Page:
Edison's Fantastic Phonograph
(Published by Frances Lincoln)
Can you imagine life without CDs and videos, without television and radio?
Over 100 years ago, none of those things existed. If you wanted entertainment at home, you had to make it yourself. Then a scientist called Thomas Edison invented a machine that changed the world.
Writing a picture book about Thomas Edison was a challenge. He was so prolific that my first task was to decide which of his many inventions to focus on. For me, the phonograph stood out from all the others. It was a totally new concept - not an improvement on other people's ideas - and it changed the world in a way young children could understand.
The story of the first recording of sound is well documented so that part of my research was easy. But the big breakthrough for me was reading Edison's daughter's own account of the event. Here was exactly what I needed - a real child's involvement with an important scientific breakthrough and a possible explanation of why the first words ever recorded were "Mary had a little lamb". Armed with all that information, I just needed a little imagination to bring the story to life.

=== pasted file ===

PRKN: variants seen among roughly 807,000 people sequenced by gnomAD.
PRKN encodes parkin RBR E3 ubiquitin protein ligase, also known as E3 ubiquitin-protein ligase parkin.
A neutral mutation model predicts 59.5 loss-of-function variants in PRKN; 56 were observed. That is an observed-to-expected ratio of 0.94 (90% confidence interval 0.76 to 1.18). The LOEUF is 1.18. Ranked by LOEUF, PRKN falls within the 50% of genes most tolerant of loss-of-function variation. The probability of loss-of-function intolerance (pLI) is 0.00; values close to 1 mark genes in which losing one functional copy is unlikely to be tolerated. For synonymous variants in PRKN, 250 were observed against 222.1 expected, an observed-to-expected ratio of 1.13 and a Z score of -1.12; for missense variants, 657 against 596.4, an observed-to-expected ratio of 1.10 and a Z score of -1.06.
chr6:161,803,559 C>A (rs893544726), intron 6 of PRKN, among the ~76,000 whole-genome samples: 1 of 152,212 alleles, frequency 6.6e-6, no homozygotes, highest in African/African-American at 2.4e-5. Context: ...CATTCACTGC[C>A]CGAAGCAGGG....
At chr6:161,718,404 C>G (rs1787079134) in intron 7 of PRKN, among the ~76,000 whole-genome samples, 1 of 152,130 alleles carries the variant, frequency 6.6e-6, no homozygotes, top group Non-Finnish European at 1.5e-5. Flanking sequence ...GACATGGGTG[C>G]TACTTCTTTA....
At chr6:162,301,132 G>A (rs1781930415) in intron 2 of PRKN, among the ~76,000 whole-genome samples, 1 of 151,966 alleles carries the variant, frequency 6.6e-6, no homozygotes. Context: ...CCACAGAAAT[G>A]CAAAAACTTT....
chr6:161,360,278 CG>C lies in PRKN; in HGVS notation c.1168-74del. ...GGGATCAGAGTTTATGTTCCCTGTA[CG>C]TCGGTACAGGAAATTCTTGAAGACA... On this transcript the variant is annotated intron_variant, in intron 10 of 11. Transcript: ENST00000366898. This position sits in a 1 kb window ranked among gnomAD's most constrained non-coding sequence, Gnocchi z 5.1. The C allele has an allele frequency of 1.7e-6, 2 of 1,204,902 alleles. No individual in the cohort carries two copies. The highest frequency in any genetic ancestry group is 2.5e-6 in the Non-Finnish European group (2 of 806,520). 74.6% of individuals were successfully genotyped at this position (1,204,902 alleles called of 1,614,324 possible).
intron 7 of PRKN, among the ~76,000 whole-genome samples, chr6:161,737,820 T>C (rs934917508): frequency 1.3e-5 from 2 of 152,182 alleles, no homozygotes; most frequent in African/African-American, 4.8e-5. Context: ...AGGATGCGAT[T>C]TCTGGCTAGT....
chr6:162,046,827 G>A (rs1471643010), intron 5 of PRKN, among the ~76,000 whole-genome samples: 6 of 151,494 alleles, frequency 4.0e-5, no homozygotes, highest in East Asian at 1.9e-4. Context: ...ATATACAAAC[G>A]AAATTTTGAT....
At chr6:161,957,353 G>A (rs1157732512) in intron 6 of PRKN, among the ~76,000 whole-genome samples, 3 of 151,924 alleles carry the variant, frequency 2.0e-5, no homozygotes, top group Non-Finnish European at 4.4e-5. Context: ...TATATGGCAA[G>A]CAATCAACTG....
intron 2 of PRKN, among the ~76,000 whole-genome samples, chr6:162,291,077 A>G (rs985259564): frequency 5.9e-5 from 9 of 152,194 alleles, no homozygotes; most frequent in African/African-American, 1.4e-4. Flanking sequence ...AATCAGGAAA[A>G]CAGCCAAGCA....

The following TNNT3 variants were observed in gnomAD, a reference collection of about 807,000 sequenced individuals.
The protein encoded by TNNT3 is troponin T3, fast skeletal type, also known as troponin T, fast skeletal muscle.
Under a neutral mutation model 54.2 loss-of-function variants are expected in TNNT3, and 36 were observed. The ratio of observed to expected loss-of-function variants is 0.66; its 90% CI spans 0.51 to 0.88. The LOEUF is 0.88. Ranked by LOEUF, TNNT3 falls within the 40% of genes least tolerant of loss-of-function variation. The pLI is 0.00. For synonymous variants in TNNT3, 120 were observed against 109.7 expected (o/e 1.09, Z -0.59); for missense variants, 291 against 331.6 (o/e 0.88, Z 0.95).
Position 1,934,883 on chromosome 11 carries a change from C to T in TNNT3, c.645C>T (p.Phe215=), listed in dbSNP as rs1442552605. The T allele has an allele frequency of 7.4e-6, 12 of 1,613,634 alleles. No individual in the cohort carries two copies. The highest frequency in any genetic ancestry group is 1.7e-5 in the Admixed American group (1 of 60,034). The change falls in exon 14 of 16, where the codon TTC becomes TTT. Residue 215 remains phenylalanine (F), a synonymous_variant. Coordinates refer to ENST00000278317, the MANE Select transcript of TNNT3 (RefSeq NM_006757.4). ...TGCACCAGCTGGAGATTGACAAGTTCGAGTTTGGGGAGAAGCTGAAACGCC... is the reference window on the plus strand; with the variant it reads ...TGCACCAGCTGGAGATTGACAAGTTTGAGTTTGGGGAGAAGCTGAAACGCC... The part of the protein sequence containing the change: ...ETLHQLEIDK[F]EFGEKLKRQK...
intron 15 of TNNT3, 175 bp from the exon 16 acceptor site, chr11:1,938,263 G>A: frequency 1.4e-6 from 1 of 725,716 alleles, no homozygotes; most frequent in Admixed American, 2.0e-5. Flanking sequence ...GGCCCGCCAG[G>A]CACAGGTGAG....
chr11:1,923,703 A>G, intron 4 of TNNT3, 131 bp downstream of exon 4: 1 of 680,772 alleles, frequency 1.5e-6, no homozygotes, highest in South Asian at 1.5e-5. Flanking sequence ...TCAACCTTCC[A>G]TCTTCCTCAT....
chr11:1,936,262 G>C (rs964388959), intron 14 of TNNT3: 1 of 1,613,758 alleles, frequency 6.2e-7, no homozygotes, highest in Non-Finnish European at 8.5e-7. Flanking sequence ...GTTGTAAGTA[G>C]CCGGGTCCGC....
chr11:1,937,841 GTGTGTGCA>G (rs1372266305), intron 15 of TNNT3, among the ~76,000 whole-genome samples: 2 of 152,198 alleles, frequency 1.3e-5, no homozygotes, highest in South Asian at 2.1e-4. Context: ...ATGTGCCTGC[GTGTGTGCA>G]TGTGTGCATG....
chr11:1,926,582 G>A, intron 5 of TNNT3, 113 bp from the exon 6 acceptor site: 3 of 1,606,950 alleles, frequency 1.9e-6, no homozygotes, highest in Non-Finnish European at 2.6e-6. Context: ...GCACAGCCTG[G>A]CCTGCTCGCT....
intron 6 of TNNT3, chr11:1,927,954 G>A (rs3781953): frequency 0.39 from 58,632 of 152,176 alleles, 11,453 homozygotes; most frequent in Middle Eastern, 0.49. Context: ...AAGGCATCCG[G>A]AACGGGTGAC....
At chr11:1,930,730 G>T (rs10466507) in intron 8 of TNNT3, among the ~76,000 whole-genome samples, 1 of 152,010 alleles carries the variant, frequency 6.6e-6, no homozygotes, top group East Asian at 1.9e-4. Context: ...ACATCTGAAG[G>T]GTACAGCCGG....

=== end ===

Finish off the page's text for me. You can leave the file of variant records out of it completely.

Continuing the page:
This absorbing account is an excellent example of the approach and tells the story of how Edison recorded sound for the very first time.
Books for Keeps
Diana Kimpton has cleverly woven the science together with the storyline involving Dot, the inventor's daughter, and I am sure that this book will appeal to children who may not readily be interested in science.
The School Librarian